I don't know what I was expecting to be at көк-тобе, but whatever it was it defintiely wasn't what we found. көк-тобе is actually a very fancy tourist spot. It has games, cotton candy, and icees, along with an upscale restaurant, a zoo!, a fountain with a golden apple, a bench with statues of the beatles?, and booths that line the sidewalk selling traditional Kazakh items. After sitting in the shade for a while to cool off, Carrie and I made a beeline for the booths. Even with our little allowence, shopping hasn't left my blood just because I am living in Kazakhstan. Carrie found a neat little dagger that looks super fancy. I found a little purse (which I have been needing!) made out of teal and white felt with colorful felt flowers and a camel and sun set across a straw fence. It has KAZAKHSTAN embroidered across the bottom in black. I am absolutely in love with it, just looking at it makes me happy. It is the perfect mixture of hippie, boho, and Kazakh. After that we went to the restaurant and got a seat out on the back deck. The deck hangs over the side of the mountain enough so that it looks as if you are floating over the city. The view is impossible to describe. The families and couples all around us were eating fancy salads, huge plates of steaks and ribs, smoking hookah, and drinking pretty cocktails. I don't think much on that meu was within our peace corps budget, but it was just our luck that the milkshakes were! We each ordered a milkshake and when they got to our table we looked picture perfect sitting over the city with the strawberry, chocolate, and vanilla milkshakes sitting in front of us. Defintely what you think of when you imagine peace corps, right? =)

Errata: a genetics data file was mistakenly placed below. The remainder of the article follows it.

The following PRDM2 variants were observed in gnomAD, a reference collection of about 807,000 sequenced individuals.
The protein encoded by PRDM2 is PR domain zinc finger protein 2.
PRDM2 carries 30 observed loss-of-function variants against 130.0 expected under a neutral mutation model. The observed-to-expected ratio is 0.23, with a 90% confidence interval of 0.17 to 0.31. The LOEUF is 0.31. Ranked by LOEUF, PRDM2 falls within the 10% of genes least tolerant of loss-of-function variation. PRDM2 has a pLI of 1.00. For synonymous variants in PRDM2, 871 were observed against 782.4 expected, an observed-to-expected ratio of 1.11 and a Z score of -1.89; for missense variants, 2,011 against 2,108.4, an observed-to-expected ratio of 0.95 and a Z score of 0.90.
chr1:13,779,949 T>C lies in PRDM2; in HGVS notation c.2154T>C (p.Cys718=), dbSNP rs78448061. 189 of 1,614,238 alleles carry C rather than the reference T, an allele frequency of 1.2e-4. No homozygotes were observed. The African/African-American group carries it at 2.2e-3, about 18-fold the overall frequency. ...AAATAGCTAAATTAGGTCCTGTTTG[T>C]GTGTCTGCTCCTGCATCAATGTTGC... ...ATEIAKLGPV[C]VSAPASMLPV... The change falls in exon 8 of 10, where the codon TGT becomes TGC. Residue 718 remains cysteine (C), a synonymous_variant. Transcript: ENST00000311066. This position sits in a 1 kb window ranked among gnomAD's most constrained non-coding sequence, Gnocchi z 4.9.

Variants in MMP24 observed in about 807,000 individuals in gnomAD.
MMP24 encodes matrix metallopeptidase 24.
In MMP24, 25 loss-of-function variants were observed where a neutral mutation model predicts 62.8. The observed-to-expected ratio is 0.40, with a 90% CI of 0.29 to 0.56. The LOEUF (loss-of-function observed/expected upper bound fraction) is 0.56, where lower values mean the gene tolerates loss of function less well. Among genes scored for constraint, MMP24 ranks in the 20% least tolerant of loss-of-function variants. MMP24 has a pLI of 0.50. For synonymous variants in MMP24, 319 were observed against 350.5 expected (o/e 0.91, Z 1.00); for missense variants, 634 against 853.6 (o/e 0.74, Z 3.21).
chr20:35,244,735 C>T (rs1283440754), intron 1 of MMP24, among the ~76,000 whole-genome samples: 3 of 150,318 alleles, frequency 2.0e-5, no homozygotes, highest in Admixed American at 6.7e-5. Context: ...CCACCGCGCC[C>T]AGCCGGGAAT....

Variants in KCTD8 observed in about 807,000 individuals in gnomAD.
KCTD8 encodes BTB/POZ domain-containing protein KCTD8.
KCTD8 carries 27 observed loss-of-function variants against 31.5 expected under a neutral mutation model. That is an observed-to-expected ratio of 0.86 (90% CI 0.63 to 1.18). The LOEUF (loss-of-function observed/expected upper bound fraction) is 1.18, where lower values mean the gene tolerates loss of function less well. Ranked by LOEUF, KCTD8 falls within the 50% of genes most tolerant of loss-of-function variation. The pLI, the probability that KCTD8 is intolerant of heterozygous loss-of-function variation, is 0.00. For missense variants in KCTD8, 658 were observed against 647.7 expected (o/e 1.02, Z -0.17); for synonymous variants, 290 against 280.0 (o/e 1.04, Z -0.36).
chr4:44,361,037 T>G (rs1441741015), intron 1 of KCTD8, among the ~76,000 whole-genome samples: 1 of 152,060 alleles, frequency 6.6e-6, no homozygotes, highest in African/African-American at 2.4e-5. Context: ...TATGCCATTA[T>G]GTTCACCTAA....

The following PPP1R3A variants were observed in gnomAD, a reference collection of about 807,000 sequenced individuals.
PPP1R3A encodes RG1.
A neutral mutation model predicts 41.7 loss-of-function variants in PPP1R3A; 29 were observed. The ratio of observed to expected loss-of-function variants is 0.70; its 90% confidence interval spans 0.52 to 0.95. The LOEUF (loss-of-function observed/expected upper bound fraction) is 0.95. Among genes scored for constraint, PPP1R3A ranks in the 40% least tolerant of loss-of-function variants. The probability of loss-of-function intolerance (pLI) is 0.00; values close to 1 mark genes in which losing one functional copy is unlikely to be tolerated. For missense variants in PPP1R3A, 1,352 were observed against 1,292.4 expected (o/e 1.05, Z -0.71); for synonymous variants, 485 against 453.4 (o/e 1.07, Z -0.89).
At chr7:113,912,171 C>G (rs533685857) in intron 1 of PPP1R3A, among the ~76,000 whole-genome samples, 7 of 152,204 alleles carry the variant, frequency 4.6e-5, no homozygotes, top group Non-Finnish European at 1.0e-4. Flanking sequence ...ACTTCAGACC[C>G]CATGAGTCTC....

After our shakes we wandered around the top for an hour or so. We strolled along the zoo and made a stop to see the beatles, of course. When we finally ducked back into the woods, Justin darted down the hill and for a moment he really did look just like James Bond. We got lost again on the way home, but we managed to find our way and we got back to the sanetorium much faster on the way down. My camera was dead for the adventure, but Carrie took lots of pics for all of us. As soon as I get them from her, I will be sure to post them.

Your sweaty, Kazakh-speaking, Bond girl,